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Hike in SALT cap heads to U.S. Senate

Speaker of the House Nancy Pelosi (D-Calif.) looks

Speaker of the House Nancy Pelosi (D-Calif.) looks on as House Democrats react to passage of the Build Back Better Act at the U.S. Capitol on Nov. 19, 2021. Credit: Getty Images/Anna Moneymaker

WASHINGTON — Relief for the cap on state and local tax deductions in federal tax filings moved a step closer Friday when House Democrats passed their version of the nearly $2 trillion Build Back Better Act for social and climate spending.

The House bill, which raises the cap from $10,000 to $80,000, now goes to a Democrat-controlled Senate that appears ready to pass some form of relief for the first time since Republicans in 2017 limited deductions for state and local taxes, shorthanded as SALT.

"It only happened because we said, ‘No SALT, no deal,’" Rep. Tom Suozzi (D-Glen Cove) told reporters in a zoom call after the House approved the bill.

"It's a major victory, and it's great for my constituents. It’s great for the state of New York, and it's great for other states that are in a similar position to New York," Suozzi said.

Suozzi, working with New Jersey Reps. Josh Gottheimer and Mikie Sherrill, recruited scores of colleagues to leverage the House Democrats’ slim three-vote majority to ensure the final House version of the Build Back Better Act would include SALT cap relief.

Now the package goes to the Senate, where Democrats with their razor-thin majority will use a budgetary procedure called reconciliation to pass it without any Republican votes.

Still, the legislation will undergo changes. Some are expected to be driven by moderate Democratic senators Joe Manchin, of West Virginia, and Kyrsten Sinema, of Arizona, with others pushed by progressives, particularly Sen. Bernie Sanders (I-Vt.).

Overseeing the process will be Senate Majority Leader Chuck Schumer (D-N.Y.), a longtime defender of federal tax deductions for state and local taxes that benefit New York, New Jersey, California and other states with high income and property taxes.

The biggest benefits of easing the SALT cap would go to the wealthy, who more often itemize on their tax filings, have more expensive homes and pay more in state and local taxes, research shows.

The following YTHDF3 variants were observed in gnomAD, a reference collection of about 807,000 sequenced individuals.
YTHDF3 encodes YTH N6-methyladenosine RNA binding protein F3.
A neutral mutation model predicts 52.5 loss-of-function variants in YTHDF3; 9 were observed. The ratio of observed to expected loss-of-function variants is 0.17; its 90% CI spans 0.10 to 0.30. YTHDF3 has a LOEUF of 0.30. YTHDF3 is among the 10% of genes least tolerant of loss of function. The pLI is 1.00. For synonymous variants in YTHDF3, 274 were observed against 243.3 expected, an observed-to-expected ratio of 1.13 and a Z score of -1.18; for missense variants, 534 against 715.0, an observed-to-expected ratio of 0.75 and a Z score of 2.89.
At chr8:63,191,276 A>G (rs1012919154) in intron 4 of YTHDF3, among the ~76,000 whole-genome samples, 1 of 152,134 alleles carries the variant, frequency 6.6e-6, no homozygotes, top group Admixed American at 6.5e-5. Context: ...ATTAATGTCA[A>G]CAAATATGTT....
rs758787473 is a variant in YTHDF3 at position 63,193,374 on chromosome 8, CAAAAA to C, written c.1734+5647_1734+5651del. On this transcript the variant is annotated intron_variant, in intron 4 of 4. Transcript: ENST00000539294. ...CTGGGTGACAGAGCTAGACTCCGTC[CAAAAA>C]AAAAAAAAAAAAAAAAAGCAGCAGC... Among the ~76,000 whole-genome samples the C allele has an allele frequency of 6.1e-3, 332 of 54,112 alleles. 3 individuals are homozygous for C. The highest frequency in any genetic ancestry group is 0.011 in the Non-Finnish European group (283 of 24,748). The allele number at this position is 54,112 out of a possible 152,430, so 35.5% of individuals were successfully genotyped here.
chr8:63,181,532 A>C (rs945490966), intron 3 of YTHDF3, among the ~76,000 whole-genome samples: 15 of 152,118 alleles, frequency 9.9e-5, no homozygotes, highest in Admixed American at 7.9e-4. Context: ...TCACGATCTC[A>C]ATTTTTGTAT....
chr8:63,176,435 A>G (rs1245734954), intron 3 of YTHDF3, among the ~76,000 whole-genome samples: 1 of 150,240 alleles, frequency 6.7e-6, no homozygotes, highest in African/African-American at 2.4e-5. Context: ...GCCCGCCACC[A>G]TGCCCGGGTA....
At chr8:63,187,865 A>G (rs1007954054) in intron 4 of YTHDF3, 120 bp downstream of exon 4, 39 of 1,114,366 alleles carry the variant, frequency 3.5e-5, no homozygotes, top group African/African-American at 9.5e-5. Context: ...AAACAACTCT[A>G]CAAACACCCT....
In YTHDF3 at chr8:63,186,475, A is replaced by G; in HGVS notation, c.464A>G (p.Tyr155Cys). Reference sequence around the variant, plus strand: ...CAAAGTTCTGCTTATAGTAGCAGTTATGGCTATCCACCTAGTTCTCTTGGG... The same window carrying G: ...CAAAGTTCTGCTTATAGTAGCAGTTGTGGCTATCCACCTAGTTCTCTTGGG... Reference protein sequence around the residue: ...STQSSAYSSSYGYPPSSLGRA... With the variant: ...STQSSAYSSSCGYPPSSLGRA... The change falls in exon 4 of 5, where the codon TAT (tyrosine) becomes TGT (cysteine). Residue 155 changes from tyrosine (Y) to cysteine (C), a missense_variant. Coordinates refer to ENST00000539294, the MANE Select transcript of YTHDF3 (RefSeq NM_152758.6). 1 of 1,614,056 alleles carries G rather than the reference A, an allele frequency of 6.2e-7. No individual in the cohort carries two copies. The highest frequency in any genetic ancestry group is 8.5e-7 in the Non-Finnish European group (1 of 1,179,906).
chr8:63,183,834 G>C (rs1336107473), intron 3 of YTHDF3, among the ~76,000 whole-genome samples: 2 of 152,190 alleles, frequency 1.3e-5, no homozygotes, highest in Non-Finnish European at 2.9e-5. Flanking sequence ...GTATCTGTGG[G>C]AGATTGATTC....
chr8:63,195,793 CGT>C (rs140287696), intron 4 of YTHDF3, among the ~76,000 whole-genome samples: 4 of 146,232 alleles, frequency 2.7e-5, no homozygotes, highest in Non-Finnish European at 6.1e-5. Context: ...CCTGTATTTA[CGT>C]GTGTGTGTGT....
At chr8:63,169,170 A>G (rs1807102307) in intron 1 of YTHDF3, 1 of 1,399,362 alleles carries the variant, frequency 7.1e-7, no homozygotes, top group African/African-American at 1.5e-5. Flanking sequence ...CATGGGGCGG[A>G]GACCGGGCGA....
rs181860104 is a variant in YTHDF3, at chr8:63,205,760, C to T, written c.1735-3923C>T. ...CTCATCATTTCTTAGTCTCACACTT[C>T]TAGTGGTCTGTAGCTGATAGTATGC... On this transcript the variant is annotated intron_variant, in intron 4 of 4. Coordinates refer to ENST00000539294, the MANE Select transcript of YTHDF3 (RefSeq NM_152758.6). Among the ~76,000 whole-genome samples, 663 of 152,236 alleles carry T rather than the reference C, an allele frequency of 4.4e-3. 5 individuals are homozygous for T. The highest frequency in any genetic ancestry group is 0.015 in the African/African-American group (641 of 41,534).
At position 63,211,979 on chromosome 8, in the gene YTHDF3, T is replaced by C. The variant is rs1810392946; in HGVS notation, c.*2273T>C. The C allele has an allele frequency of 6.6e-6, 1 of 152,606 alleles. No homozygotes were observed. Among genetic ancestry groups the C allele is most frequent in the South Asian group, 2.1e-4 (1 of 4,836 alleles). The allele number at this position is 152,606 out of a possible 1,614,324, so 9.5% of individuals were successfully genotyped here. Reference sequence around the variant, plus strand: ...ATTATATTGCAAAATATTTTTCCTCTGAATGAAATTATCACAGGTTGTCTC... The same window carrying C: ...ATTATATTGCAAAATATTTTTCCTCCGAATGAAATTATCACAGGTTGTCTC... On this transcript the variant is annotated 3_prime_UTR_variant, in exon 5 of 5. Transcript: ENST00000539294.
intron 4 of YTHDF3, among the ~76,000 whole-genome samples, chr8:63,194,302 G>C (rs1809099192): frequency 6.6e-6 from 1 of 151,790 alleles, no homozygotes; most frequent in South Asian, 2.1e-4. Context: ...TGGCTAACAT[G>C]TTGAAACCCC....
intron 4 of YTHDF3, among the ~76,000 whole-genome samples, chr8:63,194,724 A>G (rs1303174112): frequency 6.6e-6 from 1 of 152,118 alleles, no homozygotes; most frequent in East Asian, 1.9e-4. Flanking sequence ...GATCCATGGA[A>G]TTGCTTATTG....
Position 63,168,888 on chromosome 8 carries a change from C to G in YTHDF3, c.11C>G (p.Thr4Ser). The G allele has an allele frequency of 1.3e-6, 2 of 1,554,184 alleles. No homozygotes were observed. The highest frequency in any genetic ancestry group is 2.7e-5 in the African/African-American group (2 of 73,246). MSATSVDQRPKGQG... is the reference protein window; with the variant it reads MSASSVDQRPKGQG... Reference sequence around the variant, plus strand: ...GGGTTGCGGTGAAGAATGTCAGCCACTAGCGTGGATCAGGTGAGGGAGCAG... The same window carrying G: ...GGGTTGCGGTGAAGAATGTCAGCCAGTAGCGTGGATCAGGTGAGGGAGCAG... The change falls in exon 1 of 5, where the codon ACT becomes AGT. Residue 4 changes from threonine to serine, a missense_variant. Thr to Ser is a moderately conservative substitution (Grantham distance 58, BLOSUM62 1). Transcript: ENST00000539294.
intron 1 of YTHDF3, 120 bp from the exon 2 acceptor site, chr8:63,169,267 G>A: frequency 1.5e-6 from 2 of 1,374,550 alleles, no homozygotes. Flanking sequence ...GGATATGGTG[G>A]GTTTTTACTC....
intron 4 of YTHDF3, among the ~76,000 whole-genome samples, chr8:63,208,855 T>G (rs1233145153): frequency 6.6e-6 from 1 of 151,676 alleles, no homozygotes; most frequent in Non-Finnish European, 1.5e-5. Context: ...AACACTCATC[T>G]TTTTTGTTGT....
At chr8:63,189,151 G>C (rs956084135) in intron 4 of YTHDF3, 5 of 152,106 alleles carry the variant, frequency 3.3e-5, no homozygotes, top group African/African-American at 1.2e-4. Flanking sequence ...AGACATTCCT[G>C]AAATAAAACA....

And Senate Democrats appear to be divided on the issue.

Montana Sen. Jon Tester, for instance, said last week he was "crazy about" easing the SALT cap because it would give a big tax break to Americans making more than $400,000.

And Sanders has been a severe critic.

"It would be irresponsible for Congress to pass a SALT agreement, which gave massive tax breaks to the wealthiest people in this country," Sanders said last week. "On the other hand," he said, "I think that there are many people around this country, middle class people who do need some help."

As an alternative to raising the cap, Sanders and Sen. Bob Menendez (D-N.J.) have proposed lifting the cap only for those with incomes under a certain level — $400,000 in Sanders’ proposal and under $550,000 in Menendez’s plan.

The top 5% of income earners, who make more than about $365,000 a year, would reap about 70% of the benefits of the Suozzi-backed plan and about 41% of the Sanders’ proposal, researchers at the left-leaning Tax Policy Center said.

But the biggest difference would be the amount of benefit for the top 1% of households that make about $870,000 or more: They would get nearly a third of all benefits under the $80,000 cap, but only about .1% under Sanders' $400,000 income cutoff.

Republicans and critics on the left point out that easing the SALT cap gives a huge tax break to the rich.

But House Speaker Nancy Pelosi (D-Calif.) rejected that critique when asked about it last Thursday as she declared her support for the measure to raise the SALT cap to $80,000.

"That's not about tax cuts for wealthy people," said Pelosi. "It's about services for the American people in our communities where we have taken care of our people — education, transportation, health care, all of the issues that public service brings to people."

She continued: "That is a fight that I will continue to make."

The fight could come next month, after the Senate makes changes to the Build Back Better Act package and sends it back to the House, possibly including changes to the SALT cap.

Suozzi vowed he would negotiate with the Senate as they work it over.

"They have to make us all happy," Suozzi said. "No SALT, no deal."

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